Founding director of the Yale Center for Emotional Intelligence and Psychologist Marc Brackett begs the question: when did you last ask someone how they felt and wanted a truthful answer? Further, when did you last give a truthful answer? We ask this question multiple times a day as a common courtesy rather than a genuinely inquisitive query.
Unfortunately, it’s not uncommon for us to interact in a way that emphasizes the inconvenient nature of feelings. According to Brackett, “feelings can be messy, inconvenient, confusing, even addictive. They leave us vulnerable, exposed, naked to the world… we do our best to deny them or hide them – even from ourselves. Our attitudes about them get passed along to our children, who learn by taking their cues from us, their parents and teachers – their role models. Our kids receive the message loud and clear, so that before long, they, too, have learned to suppress even the most urgent messages from deep inside their beings. Just as we learned to do.”
“[W]hen we deny ourselves the permission to feel, a long list of unwanted outcomes ensues. We lose the ability to even identify what we’re feeling… when that happens, we’re unable to understand why we’re experiencing an emotion or what’s happening in our lives that’s causing it… And when we can’t recognize, understand, or put into words what we feel, it’s impossible for us to do anything about it; to master our feelings – not deny them but to accept them all, even embrace them – and learn to make our emotions work for us not against us”. - Marc Brackett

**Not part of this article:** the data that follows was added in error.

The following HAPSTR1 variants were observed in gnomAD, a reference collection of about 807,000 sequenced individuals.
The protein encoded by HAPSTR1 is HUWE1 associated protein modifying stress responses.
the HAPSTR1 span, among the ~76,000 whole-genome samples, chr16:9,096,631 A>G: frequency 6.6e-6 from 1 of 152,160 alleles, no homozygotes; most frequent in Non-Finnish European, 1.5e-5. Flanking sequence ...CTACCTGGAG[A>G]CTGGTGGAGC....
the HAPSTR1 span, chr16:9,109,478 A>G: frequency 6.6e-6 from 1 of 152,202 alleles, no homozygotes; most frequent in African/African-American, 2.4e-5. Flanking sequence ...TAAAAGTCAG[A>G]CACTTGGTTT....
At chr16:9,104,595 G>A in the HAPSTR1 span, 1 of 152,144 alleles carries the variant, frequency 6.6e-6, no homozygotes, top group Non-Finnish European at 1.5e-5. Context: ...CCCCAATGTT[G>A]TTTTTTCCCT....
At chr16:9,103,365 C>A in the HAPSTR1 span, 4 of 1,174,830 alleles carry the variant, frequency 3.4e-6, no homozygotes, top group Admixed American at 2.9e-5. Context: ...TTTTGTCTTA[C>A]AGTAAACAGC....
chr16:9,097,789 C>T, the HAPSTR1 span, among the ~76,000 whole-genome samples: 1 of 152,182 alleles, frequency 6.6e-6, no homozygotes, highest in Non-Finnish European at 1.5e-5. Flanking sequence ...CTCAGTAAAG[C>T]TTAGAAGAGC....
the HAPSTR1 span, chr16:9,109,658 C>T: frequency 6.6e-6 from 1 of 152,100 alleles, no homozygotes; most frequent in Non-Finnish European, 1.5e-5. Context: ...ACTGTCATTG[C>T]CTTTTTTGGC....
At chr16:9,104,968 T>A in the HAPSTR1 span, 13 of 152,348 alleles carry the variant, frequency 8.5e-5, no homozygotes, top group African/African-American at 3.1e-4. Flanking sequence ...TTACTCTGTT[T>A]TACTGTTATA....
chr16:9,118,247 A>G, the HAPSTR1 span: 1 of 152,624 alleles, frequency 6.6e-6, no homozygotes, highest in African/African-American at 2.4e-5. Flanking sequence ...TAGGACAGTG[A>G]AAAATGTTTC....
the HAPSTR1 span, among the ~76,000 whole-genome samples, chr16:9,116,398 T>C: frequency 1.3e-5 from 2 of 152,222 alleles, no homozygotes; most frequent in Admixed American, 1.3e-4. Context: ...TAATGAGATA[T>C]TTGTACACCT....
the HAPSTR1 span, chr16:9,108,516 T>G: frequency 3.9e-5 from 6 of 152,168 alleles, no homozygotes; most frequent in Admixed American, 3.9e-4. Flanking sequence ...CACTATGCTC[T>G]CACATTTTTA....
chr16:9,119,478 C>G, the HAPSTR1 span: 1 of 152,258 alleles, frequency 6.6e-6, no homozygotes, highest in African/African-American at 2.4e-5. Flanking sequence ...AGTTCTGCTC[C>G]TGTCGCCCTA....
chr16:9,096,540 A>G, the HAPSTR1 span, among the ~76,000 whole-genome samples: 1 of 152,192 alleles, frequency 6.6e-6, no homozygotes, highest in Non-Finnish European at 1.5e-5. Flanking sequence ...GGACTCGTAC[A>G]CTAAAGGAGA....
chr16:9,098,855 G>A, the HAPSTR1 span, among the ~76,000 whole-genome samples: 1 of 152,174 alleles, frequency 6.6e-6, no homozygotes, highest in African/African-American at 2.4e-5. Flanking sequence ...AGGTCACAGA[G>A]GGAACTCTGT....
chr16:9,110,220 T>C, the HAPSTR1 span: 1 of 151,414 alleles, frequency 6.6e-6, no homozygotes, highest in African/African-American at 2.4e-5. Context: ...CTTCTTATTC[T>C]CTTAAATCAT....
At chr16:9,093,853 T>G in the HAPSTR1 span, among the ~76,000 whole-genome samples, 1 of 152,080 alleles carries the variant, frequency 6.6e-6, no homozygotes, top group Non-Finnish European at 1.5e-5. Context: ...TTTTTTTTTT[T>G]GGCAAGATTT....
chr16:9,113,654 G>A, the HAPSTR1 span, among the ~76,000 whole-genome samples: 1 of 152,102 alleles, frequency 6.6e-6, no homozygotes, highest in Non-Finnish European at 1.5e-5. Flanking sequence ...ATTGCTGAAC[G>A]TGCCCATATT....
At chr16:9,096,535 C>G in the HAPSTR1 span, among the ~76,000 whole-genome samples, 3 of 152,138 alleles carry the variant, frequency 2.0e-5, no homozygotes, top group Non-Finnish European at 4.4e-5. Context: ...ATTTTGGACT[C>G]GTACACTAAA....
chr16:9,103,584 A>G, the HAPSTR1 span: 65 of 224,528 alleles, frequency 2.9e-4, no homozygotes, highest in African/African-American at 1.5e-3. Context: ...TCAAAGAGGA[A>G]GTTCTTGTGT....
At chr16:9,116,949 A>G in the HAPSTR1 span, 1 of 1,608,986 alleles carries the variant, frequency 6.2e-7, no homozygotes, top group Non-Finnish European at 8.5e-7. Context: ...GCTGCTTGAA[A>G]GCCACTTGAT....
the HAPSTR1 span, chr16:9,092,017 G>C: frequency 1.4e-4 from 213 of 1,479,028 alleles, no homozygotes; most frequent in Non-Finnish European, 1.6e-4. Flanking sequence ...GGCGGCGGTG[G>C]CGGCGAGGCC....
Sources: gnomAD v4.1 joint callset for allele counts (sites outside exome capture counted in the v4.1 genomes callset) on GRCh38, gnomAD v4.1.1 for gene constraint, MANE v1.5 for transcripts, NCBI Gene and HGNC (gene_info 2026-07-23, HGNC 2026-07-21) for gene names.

We keep hearing that we are in the middle of a mental health crisis, yet few resources are guiding us toward practical solutions. Fortunately, Marc Brackett offers tools that we can use to begin decoding the complexity of our emotions and teach this way of interacting with our feelings to our children and students. In an illuminating podcast, Marc Brackett is interviewed by Brené Brown, an American author, professor, and researcher of shame, vulnerability, and leadership. He shares key points from his book “Permission to Feel: The Power of Emotional Intelligence to Achieve Well-Being and Success” such as RULER, an evidence-based approach to social-emotional learning.
To learn more about how you can embark on your journey by checking out the podcast titled “Unlocking us with Brené Brown: Dr. Marc Brackett and Brené on “Permission to Feel” below, or by clicking here. If you are interested in reading further, Marc Brackett’s book will be available in our library in the coming weeks which can be checked out through your child’s account.
About the Author
Ms. Lindsay Oniel B.A./B.Ed., MACP Candidate
Social Emotional Counselor
Lindsay is passionate about building our capacity for investigating and exploring our emotions. Starting with the simple question “how are you?” and truly reflecting on what we are feeling is a great way to start the investigative process.